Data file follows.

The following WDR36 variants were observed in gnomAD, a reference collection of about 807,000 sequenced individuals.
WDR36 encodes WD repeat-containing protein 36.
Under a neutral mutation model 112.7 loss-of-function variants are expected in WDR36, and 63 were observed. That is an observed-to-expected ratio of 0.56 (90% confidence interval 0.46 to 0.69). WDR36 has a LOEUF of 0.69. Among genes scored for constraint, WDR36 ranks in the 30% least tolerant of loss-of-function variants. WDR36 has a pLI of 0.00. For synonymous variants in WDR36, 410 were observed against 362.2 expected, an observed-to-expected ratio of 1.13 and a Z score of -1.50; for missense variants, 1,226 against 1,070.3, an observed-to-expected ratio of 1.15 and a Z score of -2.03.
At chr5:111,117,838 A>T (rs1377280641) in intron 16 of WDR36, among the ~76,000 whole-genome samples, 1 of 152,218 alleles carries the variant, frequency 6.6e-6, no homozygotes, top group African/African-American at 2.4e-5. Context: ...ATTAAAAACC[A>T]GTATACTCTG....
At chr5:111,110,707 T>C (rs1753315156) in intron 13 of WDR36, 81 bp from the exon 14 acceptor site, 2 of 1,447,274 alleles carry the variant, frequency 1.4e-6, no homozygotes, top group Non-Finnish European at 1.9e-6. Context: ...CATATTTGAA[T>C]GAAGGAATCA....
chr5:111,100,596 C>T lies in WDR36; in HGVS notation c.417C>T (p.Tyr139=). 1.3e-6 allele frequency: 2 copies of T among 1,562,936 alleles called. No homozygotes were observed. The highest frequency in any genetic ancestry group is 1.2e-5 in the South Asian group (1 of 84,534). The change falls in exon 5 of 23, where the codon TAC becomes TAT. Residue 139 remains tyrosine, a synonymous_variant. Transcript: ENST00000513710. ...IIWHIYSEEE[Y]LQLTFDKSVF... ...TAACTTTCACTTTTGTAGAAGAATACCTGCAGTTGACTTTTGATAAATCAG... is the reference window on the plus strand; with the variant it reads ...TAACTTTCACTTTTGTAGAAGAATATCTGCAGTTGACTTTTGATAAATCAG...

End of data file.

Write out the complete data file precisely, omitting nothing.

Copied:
The following WDR36 variants were observed in gnomAD, a reference collection of about 807,000 sequenced individuals.
WDR36 encodes WD repeat-containing protein 36.
Under a neutral mutation model 112.7 loss-of-function variants are expected in WDR36, and 63 were observed. That is an observed-to-expected ratio of 0.56 (90% confidence interval 0.46 to 0.69). WDR36 has a LOEUF of 0.69. Among genes scored for constraint, WDR36 ranks in the 30% least tolerant of loss-of-function variants. WDR36 has a pLI of 0.00. For synonymous variants in WDR36, 410 were observed against 362.2 expected, an observed-to-expected ratio of 1.13 and a Z score of -1.50; for missense variants, 1,226 against 1,070.3, an observed-to-expected ratio of 1.15 and a Z score of -2.03.
At chr5:111,117,838 A>T (rs1377280641) in intron 16 of WDR36, among the ~76,000 whole-genome samples, 1 of 152,218 alleles carries the variant, frequency 6.6e-6, no homozygotes, top group African/African-American at 2.4e-5. Context: ...ATTAAAAACC[A>T]GTATACTCTG....
At chr5:111,110,707 T>C (rs1753315156) in intron 13 of WDR36, 81 bp from the exon 14 acceptor site, 2 of 1,447,274 alleles carry the variant, frequency 1.4e-6, no homozygotes, top group Non-Finnish European at 1.9e-6. Context: ...CATATTTGAA[T>C]GAAGGAATCA....
chr5:111,100,596 C>T lies in WDR36; in HGVS notation c.417C>T (p.Tyr139=). 1.3e-6 allele frequency: 2 copies of T among 1,562,936 alleles called. No homozygotes were observed. The highest frequency in any genetic ancestry group is 1.2e-5 in the South Asian group (1 of 84,534). The change falls in exon 5 of 23, where the codon TAC becomes TAT. Residue 139 remains tyrosine, a synonymous_variant. Transcript: ENST00000513710. ...IIWHIYSEEE[Y]LQLTFDKSVF... ...TAACTTTCACTTTTGTAGAAGAATACCTGCAGTTGACTTTTGATAAATCAG... is the reference window on the plus strand; with the variant it reads ...TAACTTTCACTTTTGTAGAAGAATATCTGCAGTTGACTTTTGATAAATCAG...